It’s the year 2140, and Longevity drugs have made the world a wonderful place – for some. Taking Longevity means that you can live indefinitely, but there’s a catch: you must first sign the Declaration and, if you opt in, you agree not to have children.
For children born outside the Declaration, the world is a grim place. Surplus Anna is one such teen: a worthless burden who must pay back society for her very existence. Bleak and foreboding Grange Hall, with it’s severe headmistress, will prepare Anna for her short life of servitude.
But Anna is different. In the pages of a coveted diary, she secretly pours out her heart, her hopes and her many, many fears – including her mistrust of a new arrival to Grange Hall, a boy named Peter. Peter says that Longevity is bad, that nobody should be considered a Surplus … and that Anna’s parents love her and have been searching for her. Who is she to trust? The strange boy whose version of life sounds like a dangerous fairy tale? Or the cold, familiar walls of Grange Hall and the headmistress who has controlled her every waking thought?
The basic idea of this novel is that sometime between now and 2140 science has found a way to use stem cells to cure every disease and human frailty there is, and along the way they also manufacture a drug called Longevity that stops aging at whichever age you begin taking the medication. But with this marvel comes the fact that no one dies, so the world runs into some problems with space, supplies, energy etc. To fix this, the Authorities have come up with a solution that involves the signing of a Declaration stating that if you intend to take the drug, you must sign off on all rights of having children. Nothing is ever perfect however and people end up having kids anyway, which are called Surpluses or Illegals. To solve this problem the authorities create groups of Catchers to search for and apprehend any non-legal people. They also set up prison like institutions to hold and train these Surpluses to be servants in order to pay back society for the blasphemous nature of their stolen lives. Anna is very close to becoming a Valuable Surplus, in one such place called Grange Hall. She is aware of how worthless she is and that she is an evil thing that mocks Mother Nature and all the Legals whose very air she is stealing. But then Peter arrives at Grange Hall and in just a short time he convinces Anna that this is all wrong and that she has loving parents and as much a right to live freely as anyone else. Shortly thereafter they devise an escape plan, that they hope will reunite Anna with her parents.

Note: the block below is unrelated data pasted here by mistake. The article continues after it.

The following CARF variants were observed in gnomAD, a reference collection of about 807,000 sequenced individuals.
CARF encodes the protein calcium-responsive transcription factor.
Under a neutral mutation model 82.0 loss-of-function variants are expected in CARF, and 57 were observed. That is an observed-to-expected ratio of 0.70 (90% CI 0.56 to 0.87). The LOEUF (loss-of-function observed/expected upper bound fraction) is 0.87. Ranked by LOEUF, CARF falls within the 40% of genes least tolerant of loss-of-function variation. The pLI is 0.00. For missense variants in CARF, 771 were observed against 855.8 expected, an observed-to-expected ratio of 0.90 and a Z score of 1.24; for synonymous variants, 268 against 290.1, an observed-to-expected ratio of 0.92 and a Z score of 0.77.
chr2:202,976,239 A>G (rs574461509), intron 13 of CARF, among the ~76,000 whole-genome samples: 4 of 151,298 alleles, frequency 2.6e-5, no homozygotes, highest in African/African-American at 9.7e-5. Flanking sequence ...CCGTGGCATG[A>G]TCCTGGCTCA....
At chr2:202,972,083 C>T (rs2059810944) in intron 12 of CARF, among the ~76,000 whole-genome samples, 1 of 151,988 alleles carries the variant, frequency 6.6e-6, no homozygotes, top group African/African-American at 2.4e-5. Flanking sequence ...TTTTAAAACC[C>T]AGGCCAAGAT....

When I first heard about this book, I was instantly intrigued with the plot about a society of people that live forever and all the problems that may come along with it. However, by halfway through the story I lost most of my interest. I found Anna to be very boring, she had no personality and appeared to be more of a sketch that an actual character. Some of the secondary characters such as; Peter, the headmistress Mrs. Pincent, and Surplus Shelia a fellow dormitory mate of Anna’s were much more developed and interesting. Also a short appearance by Mrs. Sharpe, a Legal who Anna once worked for, was for me a real highlight in the story, as she displayed so much relevant emotion to the society in which the novel was set.
The idea of the story itself showed much promise, but simply wasn’t developed enough to deliver. There was good dialogue and adequate background to set-up the strange societal rules. However, along with the characters, the plot was not strong enough for me to fully enjoy the book as a whole. All the major revelations were very clear pages beforehand and the ending was a climax that seemed too neatly tied up to really impress, and ended up coming too fast and ended up flopping, what for me, could have been an intriguing lead-in to the follow-up novel, The Resistance.
About The Author
Gemma Malley studied philosophy at Reading University before working as a journalist. She edited several business magazines and contributed regularly to publications including Company Magazine and The Sunday Telegraph before moving to the civil service, where she held a senior position within Ofsted, the education and care watchdog. She is married to Mark, the head master of a preparatory school in North West London. The Declaration is her first book for young readers.
Published in 2007 by Bloomsbury USA
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